Solar Revolution: The Economic Transformation of the Global Energy Industry (Paperback)
An innovative analysis that shows how the shift to solar energy--in particular, the use of photovoltaic cells--is both economically advantageous and inevitable, and will rival the information and communication technologies revolution in its transformative effects.
In Solar Revolution, fund manager and former corporate buyout specialist Travis Bradford argues--on the basis of standard business and economic forecasting models--that over the next two decades solar energy will increasingly become the best and cheapest choice for most electricity and energy applications. Solar Revolution outlines the path by which the transition to solar technology and sustainable energy practices will occur.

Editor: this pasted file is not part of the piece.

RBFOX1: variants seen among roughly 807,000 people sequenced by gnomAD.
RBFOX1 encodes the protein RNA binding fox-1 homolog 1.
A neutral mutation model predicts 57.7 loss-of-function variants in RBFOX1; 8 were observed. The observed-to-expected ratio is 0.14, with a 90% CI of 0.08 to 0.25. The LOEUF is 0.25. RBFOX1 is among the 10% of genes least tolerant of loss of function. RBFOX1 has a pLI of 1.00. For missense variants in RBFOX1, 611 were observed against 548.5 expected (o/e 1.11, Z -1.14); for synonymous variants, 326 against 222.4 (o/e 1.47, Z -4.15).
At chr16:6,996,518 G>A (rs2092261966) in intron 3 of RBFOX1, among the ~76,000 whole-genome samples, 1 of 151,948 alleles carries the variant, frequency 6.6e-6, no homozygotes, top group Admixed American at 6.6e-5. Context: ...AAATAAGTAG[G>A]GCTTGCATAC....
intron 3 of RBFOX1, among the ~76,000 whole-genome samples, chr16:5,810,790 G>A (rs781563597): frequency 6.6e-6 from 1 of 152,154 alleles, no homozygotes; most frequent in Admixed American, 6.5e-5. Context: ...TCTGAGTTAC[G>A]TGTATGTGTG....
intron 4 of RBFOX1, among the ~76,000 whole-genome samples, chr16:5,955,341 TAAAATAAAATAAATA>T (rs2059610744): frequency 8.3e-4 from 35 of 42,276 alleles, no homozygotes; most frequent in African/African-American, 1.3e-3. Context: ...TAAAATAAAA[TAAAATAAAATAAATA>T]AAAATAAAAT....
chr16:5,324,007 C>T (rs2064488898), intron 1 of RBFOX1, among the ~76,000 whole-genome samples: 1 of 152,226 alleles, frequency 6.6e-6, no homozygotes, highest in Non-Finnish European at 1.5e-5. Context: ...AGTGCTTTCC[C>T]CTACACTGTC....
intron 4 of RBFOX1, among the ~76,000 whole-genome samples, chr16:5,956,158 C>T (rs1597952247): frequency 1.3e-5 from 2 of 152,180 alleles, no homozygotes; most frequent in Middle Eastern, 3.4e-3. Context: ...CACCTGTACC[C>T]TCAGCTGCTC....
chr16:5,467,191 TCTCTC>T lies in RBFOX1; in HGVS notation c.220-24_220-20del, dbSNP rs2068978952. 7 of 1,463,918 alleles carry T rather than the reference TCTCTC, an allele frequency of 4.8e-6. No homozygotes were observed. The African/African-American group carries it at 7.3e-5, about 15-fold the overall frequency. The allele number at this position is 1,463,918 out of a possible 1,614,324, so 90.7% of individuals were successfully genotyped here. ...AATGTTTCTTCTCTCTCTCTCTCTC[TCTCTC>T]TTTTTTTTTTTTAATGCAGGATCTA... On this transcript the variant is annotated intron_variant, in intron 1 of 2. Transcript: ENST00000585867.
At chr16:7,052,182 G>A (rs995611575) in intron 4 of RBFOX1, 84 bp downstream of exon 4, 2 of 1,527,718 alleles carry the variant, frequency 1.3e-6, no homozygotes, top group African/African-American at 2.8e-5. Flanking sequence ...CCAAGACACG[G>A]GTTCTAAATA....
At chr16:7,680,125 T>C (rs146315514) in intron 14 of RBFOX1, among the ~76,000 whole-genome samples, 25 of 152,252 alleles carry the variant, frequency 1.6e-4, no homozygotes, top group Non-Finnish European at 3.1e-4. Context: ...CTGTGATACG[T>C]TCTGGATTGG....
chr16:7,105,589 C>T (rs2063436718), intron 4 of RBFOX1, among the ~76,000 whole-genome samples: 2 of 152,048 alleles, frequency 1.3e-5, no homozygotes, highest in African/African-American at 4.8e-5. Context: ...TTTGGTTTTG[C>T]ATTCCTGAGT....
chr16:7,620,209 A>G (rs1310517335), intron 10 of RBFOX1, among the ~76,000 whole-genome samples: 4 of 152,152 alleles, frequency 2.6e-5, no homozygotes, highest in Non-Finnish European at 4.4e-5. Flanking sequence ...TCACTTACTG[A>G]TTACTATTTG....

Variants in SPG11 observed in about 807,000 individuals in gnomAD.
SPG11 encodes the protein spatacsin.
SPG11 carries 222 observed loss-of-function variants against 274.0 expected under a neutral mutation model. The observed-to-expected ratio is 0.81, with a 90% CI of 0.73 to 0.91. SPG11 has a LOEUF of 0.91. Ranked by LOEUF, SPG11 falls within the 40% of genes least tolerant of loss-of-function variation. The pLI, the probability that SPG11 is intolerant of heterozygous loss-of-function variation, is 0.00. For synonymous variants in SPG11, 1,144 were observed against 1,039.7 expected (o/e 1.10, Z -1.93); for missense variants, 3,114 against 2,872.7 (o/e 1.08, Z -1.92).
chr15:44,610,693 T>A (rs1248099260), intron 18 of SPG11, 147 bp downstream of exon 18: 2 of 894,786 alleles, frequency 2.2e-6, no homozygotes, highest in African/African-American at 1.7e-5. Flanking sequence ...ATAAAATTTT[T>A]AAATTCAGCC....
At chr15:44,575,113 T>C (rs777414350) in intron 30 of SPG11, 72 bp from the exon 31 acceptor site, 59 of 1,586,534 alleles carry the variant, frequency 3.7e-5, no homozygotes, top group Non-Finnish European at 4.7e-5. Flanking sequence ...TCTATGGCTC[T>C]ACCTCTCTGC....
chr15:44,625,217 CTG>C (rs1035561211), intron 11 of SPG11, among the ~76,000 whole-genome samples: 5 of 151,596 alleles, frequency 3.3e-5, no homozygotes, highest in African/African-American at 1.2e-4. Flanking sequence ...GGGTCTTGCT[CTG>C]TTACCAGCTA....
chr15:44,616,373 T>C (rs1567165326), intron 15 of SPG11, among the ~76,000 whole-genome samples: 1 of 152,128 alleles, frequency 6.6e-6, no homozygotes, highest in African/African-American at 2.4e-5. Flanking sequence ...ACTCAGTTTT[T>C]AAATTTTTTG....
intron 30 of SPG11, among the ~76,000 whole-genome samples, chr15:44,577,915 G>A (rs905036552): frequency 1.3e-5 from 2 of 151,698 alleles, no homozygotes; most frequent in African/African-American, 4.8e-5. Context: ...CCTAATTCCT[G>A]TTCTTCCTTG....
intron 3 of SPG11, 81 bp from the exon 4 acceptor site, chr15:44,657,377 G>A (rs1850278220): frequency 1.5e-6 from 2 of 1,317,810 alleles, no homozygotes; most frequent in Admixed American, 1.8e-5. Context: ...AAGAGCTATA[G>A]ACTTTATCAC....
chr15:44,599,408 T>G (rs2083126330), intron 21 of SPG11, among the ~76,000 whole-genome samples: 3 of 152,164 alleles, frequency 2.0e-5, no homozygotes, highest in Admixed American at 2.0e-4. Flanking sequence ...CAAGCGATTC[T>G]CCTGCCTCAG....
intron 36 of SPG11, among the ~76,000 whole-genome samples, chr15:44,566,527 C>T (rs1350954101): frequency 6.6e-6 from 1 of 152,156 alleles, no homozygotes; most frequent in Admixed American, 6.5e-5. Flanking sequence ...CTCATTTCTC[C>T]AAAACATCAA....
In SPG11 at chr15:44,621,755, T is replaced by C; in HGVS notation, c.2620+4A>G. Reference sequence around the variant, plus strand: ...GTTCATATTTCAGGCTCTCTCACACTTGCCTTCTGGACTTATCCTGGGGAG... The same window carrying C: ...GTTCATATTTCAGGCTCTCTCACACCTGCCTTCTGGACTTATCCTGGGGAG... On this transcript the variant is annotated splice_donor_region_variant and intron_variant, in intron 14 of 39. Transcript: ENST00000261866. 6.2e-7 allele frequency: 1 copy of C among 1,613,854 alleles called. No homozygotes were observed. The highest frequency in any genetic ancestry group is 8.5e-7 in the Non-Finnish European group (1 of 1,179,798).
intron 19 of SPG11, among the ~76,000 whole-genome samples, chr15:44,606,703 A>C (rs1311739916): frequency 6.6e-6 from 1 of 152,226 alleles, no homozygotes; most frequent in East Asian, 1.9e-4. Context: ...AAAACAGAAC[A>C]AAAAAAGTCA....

Developments in the photovoltaic (PV) industry over the last ten years have made direct electricity generation from PV cells a cost-effective and feasible energy solution, despite the common view that PV technology appeals only to a premium niche market. Bradford shows that PV electricity today has become the choice of hundreds of thousands of mainstream homeowners and businesses in many markets worldwide, including Japan, Germany, and the American Southwest. Solar energy will eventually be the cheapest source of energy in nearly all markets and locations because PV can bypass the aging and fragile electricity grid and deliver its power directly to the end user, fundamentally changing the underlying economics of energy. As the scale of PV production increases and costs continue to decline at historic rates, demand for PV electricity will outpace supply of systems for years to come. Ultimately, the shift from fossil fuels to solar energy will take place not because solar energy is better for the environment or energy security, or because of future government subsidies or as yet undeveloped technology. The solar revolution is already occurring through decisions made by self-interested energy users. The shift to solar energy is inevitable and will be as transformative as the last century's revolutions in information and communication technologies.